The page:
Circle 01
Circle 02
Circle 03

Join our mailing list

Subscribe to the TSC newsletter to receive exclusive news and advice
  • 03 October 2023
  • 7 min read

What are the objectives of cyber security awareness?

An overview of security awareness statistics, what does training prevent and what topics do you need to cover ...
FAQ Series What are the objectives of cyber security awareness

At the moment, you cannot go a handful of days without hearing about an attempted cyberattack or a successful breach. It is not just paramount for organisations to prioritise cyber security awareness and training, it is necessary.

Security awareness statistics

Let us start by painting a vivid picture of the current cyber threat landscape:

  • In 2022, 493.33 million ransomware attacks were detected by organisations worldwide.
  • 300,000 fresh malware instances are generated daily, 92% distributed through email, with an average of 49 days to be detected.
  • The global average data breach cost was $4.35 million in 2022.
  • The healthcare industry has been the costliest for breaches for 12 consecutive years, with an average data breach cost reaching $10.10 million in 2022.
  • Phishing attacks are responsible for 90% of data breaches.
  • 45% of LastPass survey respondents say they have not changed passwords in the last year, even after a security breach.
  • As the number of connected devices continues to grow, the occurrence of IoT (Internet of Things) malware has skyrocketed by 87% in 2022 compared to the previous year, reaching an all-time high of 112.3 million cases.

What does security awareness training prevent?

Security awareness training is a proactive defence against a multitude of cyber threats that can potentially wreak havoc on an organisation. Let us run through a couple with some scenarios for context.

  1. Data breaches: Data breaches are among the most damaging incidents an organisation can face. They can lead to the exposure of sensitive customer information, intellectual property theft, and severe reputational damage. Security awareness training equips employees with the knowledge and skills to recognise and respond to common cyber threats, reducing the likelihood of data breaches caused by human error or negligence. Consider a well-crafted phishing email landing in an employee's inbox, seemingly from a trusted source. Without security awareness training, the employee might unknowingly click on a malicious link, downloading malware or exposing information leading to a breach. However, with proper training, the employee recognises the signs of phishing, avoids falling into the trap and reports the incident to their security team, thus preventing a potentially devastating data breach.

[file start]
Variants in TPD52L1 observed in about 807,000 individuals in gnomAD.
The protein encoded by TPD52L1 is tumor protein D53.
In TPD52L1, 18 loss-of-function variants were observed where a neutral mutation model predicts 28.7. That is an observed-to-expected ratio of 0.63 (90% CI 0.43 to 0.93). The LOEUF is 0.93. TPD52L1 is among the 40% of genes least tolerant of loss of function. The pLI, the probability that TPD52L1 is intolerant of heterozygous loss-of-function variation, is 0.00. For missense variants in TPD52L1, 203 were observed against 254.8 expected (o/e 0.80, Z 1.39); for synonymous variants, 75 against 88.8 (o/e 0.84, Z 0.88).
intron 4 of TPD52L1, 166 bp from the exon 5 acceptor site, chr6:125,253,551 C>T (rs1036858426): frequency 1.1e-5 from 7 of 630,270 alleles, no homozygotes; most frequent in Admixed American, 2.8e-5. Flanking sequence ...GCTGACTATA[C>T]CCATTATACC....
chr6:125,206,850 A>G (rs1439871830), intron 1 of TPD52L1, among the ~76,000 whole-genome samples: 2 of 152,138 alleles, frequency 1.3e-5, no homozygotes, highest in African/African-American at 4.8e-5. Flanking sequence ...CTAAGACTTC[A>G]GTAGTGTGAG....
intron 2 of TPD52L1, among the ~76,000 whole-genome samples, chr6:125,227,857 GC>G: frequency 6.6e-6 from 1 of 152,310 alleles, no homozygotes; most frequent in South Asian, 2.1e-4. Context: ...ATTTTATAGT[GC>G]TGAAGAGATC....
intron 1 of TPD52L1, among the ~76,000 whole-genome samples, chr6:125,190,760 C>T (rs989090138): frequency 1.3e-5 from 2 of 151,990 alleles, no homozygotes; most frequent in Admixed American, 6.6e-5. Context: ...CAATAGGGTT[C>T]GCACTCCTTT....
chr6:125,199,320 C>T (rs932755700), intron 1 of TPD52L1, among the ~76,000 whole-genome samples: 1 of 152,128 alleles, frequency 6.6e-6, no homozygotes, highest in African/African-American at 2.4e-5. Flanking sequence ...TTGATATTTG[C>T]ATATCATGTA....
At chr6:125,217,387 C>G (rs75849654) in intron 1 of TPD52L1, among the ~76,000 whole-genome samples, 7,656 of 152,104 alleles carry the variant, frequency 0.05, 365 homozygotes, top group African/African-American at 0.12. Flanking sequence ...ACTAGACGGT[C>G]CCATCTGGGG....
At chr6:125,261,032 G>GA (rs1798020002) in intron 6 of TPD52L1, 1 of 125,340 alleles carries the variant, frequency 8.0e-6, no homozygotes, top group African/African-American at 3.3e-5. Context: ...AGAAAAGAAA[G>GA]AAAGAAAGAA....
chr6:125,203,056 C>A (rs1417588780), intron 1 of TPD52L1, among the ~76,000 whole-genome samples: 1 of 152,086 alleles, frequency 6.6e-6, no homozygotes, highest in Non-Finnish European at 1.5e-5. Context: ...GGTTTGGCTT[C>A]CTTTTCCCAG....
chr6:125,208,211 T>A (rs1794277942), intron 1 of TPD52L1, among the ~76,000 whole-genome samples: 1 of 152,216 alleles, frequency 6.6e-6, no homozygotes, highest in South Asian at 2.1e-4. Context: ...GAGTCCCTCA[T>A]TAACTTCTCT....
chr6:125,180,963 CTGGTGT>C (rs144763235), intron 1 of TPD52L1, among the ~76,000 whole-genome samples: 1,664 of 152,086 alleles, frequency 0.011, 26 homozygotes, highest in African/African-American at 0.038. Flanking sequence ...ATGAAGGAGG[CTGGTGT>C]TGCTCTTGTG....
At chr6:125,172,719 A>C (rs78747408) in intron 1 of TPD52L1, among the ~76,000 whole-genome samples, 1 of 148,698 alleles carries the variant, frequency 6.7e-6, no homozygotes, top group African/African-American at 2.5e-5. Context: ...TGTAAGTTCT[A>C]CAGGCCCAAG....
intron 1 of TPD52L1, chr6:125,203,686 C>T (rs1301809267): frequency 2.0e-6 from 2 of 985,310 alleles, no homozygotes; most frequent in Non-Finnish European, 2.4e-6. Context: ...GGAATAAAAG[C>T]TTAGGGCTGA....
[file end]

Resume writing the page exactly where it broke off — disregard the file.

2. Phishing attacks: Phishing attacks remain a favourite tactic of cybercriminals, accounting for a sizeable portion of successful breaches. These attacks often involve cleverly disguised emails or messages that trick individuals into revealing sensitive information, such as login credentials or financial details. Security awareness training empowers employees to spot the red flags of phishing attempts, such as suspicious email addresses, requests for personal information, or urgent, unsolicited messages. In a hypothetical scenario, an employee receives an email claiming to be from their bank, requesting immediate login details. Without security awareness training, they might comply, unwittingly providing cybercriminals with access to their account. However, with training, they recognise the telltale signs of a phishing attempt and report it, thwarting the attack.
  3. Insider threats: Not all threats come from external actors; insider threats can be just as damaging. These threats may arise from malicious employees seeking to harm the organisation or from well-intentioned employees who make mistakes that compromise security. Security awareness training educates employees about recognising suspicious behaviour, reporting concerns, and understanding the potential consequences of their actions. Imagine a scenario where an employee, disgruntled due to workplace issues, decides to exfiltrate sensitive company data. In an organisation without adequate training, this insider threat may go unnoticed until it is too late. However, in a security-aware environment, colleagues and supervisors are vigilant for signs of unusual behaviour, leading to the early detection and prevention of the threat.
  4. Social engineering: Social engineering attacks exploit human psychology to manipulate individuals into divulging confidential information or performing actions that compromise security. These attacks can take various forms, such as pretexting, baiting, or tailgating. Security awareness training arms employees with the knowledge to recognise and resist these manipulative tactics, reducing the likelihood of successful social engineering attacks. In a hypothetical scenario, an attacker posing as a delivery person gains access to an organisation's office by pretending to deliver a package. Without security awareness training, employees may inadvertently allow the attacker to enter restricted areas. However, with training, employees are trained to verify identities and question unexpected requests, making it more challenging for social engineers to succeed.

What topics does security awareness training need to cover?

Security awareness training should cover a wide range of topics to be effective. These include:

  • Phishing and social Engineering: Teaching employees to recognise and avoid deceptive emails, messages, or websites designed to trick them into revealing sensitive information. Furthermore, raising awareness about tactics cybercriminals use to manipulate individuals into divulging confidential data or performing actions against their best interests.